On one occasion, I read about one child who was very much adored by his parents and could not take being disciplined, and he would run back home down the road to his parents’ farm and beg them to take him back, and they would send him back to the place where he was to be for a year, even though they wept as they did so.  They loved their children, but they did not spoil them.

Then third, the family, among the Pilgrims, was a vocational institution, a discipline of work was taught to every member.  Fourth, it was a church, a place of worship, a place where they were taught the word of God.  Fifth, it was a house of correction.  This in an interesting fact.  The courts then executed anyone who was a habitual criminal an incorrigible.  All others were sentenced to restitution, working for the person whom they had wronged in making restitution.  Idlers were put in a home.  It would be ready to take them, and they were there to be bondservants for a given amount of time, and to be taught how to work, and sixth, they made the family, the home, a welfare institution, an orphanage, a poorhouse, so that people were assigned to take in the elderly or the orphans, because they saw the family as the best training ground, in Christ, for anyone, children and adults, and they made it work that way. [35:19]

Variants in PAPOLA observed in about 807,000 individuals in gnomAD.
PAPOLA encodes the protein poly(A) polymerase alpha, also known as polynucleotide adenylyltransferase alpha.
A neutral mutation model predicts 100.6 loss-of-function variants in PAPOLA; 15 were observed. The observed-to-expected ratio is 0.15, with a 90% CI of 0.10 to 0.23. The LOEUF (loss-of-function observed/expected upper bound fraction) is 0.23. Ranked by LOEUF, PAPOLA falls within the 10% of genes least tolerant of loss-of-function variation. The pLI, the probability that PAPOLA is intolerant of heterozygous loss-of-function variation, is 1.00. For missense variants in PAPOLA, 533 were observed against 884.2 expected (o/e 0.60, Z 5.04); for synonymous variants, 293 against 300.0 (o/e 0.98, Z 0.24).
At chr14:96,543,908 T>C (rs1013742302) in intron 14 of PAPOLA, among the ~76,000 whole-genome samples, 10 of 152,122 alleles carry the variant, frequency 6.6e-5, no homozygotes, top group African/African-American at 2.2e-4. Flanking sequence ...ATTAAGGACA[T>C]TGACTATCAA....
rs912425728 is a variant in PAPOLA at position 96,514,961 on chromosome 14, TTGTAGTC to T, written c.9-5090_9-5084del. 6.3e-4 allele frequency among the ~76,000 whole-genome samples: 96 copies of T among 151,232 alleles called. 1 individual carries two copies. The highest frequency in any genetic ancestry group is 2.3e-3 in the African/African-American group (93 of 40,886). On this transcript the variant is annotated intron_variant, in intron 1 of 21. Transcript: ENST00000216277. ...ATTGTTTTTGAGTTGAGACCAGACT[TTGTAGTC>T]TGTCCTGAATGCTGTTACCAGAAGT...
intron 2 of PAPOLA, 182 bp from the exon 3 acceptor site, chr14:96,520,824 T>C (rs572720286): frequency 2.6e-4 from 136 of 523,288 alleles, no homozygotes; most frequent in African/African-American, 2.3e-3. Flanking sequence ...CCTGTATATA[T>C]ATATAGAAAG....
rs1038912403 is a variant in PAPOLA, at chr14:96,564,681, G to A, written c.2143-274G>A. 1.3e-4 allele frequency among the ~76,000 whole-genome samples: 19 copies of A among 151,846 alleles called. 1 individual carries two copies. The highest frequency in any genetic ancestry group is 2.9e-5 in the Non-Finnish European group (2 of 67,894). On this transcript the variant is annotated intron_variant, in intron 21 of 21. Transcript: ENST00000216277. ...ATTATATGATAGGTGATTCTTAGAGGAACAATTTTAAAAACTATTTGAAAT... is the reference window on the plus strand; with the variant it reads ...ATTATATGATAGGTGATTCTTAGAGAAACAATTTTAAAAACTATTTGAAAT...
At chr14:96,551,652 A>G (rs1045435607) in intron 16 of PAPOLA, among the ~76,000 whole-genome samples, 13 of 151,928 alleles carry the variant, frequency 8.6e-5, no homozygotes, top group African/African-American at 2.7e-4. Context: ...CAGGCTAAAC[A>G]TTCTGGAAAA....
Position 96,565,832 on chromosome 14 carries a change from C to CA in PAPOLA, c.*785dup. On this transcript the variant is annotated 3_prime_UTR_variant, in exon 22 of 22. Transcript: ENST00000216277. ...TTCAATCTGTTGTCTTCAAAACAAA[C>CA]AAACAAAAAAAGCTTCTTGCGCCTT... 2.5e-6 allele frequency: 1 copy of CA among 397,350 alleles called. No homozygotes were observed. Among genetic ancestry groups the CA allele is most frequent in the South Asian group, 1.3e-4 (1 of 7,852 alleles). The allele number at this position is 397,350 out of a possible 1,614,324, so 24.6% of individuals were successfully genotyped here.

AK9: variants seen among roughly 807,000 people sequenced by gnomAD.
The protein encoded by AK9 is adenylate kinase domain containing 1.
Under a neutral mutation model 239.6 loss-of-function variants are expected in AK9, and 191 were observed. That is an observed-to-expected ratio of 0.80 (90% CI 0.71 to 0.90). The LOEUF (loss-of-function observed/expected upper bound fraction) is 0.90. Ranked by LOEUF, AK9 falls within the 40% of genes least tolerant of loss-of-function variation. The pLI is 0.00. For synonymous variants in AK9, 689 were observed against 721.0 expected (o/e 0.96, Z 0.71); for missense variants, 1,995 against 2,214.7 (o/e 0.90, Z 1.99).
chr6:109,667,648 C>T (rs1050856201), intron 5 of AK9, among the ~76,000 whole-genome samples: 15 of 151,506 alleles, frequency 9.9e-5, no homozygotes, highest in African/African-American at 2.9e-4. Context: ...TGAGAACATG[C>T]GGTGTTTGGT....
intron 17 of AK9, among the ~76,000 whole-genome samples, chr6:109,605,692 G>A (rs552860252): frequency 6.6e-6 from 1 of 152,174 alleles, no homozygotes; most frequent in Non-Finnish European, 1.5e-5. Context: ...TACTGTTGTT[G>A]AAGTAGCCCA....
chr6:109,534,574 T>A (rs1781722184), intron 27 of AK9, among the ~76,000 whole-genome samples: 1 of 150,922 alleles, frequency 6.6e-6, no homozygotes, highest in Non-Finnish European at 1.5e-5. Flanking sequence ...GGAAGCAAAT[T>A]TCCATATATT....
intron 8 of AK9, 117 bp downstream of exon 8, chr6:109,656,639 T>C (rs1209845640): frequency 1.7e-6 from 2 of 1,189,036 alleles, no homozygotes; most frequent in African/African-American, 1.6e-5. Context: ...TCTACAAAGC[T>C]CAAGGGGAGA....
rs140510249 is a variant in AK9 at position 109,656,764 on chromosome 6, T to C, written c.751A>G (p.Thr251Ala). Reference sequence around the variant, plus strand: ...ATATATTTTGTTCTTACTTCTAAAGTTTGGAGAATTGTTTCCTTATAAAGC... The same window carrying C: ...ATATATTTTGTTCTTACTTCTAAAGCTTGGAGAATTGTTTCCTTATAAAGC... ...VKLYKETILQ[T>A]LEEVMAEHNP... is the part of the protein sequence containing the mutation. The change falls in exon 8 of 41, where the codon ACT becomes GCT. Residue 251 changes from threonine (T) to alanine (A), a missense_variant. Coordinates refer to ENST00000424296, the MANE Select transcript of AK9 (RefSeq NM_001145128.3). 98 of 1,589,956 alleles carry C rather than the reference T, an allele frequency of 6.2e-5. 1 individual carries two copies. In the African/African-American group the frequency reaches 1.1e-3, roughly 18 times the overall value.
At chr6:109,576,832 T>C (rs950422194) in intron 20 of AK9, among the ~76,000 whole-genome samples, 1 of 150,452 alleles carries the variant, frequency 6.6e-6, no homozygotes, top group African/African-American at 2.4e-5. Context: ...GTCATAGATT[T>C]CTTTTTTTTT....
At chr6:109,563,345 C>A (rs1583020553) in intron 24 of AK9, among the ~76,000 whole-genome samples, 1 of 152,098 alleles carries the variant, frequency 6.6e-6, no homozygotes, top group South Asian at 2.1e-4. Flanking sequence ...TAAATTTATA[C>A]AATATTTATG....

Well, today the family is undergoing a major revival, and things are happening all over the country within the context of the Christian family, and parents are ready to go to court in defiance of the state, because they want control of their children, because they want to educate their children at home or in a Christian school, or because they insist on chastising their child when, in some communities to lay a hand on your child is child abuse, but they are fighting, because the Spirit of God is at work among them, reestablishing the family in Christ, and in terms of God’s law-word. 

We shall take about a ten minute break now, and then resume with our second session at the end of that time. [36:33]

End of tape